Psychological Self-Help

Navigation bar
  Home Print document View PDF document Start Previous page
 71 of 78 
Next page End Contents 66 67 68 69 70 71 72 73 74 75 76  

1224
Obviously, some people are very effective in this process. There is
no known research evaluating the procedure, however. An unlikely but
possible danger is that unwanted emotions, such as anxiety, will be
seen as helpful and, thus, reinforced in the process. If that happens,
anxiety might reoccur with greater frequency. 
Additional Methods for Changing Emotions
Distractions and/or exercise
One of the most common strategies (and more useful) for
controlling an emotion is to avoid paying attention to the feelings and
the situation associated with the unwanted feelings. People resist
temptations in a very simple way: by avoiding thinking about or
attending to the temptations. Anger and depression are reduced by
thinking about something else: read a good book, watch an interesting
movie, etc. Keep in mind, this doesn't "cure" the problem, it just
avoids it. That may be all you need to do. 
Even eating and drinking (college favorites) can help you get out of
a bad mood. Exercise, playing with the kids, doing nice things for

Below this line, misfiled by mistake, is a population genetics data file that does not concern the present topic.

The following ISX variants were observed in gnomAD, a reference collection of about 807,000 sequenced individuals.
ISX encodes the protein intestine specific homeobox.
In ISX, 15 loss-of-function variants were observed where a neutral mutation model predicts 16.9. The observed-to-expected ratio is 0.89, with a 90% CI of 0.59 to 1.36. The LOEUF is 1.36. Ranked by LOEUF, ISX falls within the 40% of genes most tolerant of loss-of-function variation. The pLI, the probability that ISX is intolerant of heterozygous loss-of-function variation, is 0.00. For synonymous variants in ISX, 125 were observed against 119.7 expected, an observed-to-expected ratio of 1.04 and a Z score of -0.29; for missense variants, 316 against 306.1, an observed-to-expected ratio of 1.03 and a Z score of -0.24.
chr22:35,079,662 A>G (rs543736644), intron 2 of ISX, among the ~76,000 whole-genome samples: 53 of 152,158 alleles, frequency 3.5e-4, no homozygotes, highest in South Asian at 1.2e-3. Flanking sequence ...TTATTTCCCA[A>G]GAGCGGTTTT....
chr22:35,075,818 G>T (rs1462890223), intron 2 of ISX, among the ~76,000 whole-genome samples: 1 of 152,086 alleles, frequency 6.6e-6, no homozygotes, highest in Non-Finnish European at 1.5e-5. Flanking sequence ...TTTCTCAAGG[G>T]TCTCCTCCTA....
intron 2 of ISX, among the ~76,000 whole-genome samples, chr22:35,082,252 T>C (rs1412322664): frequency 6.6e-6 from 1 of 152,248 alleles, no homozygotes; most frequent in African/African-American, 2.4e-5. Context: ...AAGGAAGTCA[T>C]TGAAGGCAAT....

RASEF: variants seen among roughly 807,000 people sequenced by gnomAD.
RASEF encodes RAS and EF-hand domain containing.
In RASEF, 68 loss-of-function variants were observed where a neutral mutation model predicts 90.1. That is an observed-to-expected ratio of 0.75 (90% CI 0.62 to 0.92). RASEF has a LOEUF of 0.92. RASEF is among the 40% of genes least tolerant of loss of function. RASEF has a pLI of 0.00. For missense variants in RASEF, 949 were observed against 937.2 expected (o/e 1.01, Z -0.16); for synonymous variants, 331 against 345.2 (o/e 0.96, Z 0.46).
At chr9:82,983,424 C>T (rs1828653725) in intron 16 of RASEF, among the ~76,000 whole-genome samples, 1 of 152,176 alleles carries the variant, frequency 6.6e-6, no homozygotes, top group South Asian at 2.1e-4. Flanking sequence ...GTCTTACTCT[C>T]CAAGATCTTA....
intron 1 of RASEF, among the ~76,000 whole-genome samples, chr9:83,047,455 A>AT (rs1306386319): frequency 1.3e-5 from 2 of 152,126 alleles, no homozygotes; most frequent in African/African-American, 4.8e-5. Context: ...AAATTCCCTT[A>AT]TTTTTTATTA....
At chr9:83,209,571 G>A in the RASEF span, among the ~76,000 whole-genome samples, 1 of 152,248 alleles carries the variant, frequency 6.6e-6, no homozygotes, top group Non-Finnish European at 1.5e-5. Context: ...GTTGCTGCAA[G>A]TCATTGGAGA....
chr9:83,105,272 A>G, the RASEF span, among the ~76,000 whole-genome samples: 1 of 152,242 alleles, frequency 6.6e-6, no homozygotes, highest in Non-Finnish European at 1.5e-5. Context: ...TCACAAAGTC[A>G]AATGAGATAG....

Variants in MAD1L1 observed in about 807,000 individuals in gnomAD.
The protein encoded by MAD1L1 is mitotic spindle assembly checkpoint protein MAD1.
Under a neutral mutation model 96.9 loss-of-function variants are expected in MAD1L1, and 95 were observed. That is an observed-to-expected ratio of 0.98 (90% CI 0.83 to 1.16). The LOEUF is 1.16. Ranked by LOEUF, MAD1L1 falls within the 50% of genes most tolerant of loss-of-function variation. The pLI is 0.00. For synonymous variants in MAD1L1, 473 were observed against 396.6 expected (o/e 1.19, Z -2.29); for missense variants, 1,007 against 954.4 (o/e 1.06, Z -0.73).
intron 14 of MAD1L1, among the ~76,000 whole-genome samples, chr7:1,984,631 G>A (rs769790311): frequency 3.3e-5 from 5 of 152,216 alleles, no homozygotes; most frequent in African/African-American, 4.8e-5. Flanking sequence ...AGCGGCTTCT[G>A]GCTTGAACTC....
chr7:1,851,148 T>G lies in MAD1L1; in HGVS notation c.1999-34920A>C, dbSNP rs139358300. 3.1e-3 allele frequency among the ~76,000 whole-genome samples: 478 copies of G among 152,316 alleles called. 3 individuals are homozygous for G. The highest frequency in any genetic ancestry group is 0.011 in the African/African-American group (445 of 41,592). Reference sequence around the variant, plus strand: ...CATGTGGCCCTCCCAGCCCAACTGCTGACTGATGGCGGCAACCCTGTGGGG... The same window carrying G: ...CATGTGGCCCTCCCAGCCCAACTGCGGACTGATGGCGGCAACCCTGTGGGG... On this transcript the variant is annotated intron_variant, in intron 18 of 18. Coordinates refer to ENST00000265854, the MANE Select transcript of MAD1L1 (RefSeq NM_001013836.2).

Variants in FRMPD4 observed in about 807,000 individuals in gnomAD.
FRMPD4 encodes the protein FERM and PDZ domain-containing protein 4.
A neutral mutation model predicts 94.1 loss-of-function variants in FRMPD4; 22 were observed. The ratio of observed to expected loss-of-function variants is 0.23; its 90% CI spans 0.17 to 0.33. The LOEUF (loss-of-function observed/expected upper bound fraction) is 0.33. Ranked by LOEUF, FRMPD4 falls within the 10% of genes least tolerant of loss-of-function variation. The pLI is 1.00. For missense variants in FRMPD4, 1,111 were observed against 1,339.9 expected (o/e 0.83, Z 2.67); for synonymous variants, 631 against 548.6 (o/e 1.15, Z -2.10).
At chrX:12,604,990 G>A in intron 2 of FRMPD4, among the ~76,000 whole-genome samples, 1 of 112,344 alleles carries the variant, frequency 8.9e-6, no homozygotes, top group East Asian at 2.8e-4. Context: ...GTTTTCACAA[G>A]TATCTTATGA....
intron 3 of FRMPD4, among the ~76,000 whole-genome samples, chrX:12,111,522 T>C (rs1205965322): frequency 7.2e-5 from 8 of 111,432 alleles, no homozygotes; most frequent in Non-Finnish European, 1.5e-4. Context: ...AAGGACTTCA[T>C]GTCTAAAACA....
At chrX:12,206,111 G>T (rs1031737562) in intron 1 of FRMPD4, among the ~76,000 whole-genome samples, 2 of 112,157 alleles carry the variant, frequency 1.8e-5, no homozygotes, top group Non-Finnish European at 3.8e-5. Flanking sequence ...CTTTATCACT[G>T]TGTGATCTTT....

yourself, and trying some self-improvement are all effective mood-
changers. 
Exercise
The evidence grows that physical exercise is good for you.
Primitive living conditions and evolution have produced a human body
designed to walk, run, lift, throw, breathe hard, etc, etc. This isn't just
some PE teacher's opinion; sound physiological/medical research at
Duke, Texas A&M and other places concludes: "if you are over-worked,
stressed out and discouraged, take a walk, jog, swim, go rock climbing
or canoeing..." In fact, researchers have found that aerobic exercises
reduce stress better than relaxation techniques (Anshel, 1996). Not
only is exercise recommended for stress but also for depression,
anger, low self-esteem and, in general, for better mental health.
Naturally, it is important for heart and general physical health too. So,
get started! 
That is the rub--getting started. Mentally decide on a specific time
to start--select a convenient time, preferably a time that is almost
always open on your schedule. The idea is to make exercising a
regular habit, something you do at the same time of day at least three
times a week--or better, every day. One of the crucial moments is
starting the first day, i.e. do everything you can to make sure that
moment is carried out...think about it the previous night, set an alarm
if it is in the morning or put reminders around if it is during the day. It
would be best if you got a friend to go with you or to call and remind
you...if nothing else you can make a public commitment to other
Previous page Top Next page

advertisement


« Back


advertisement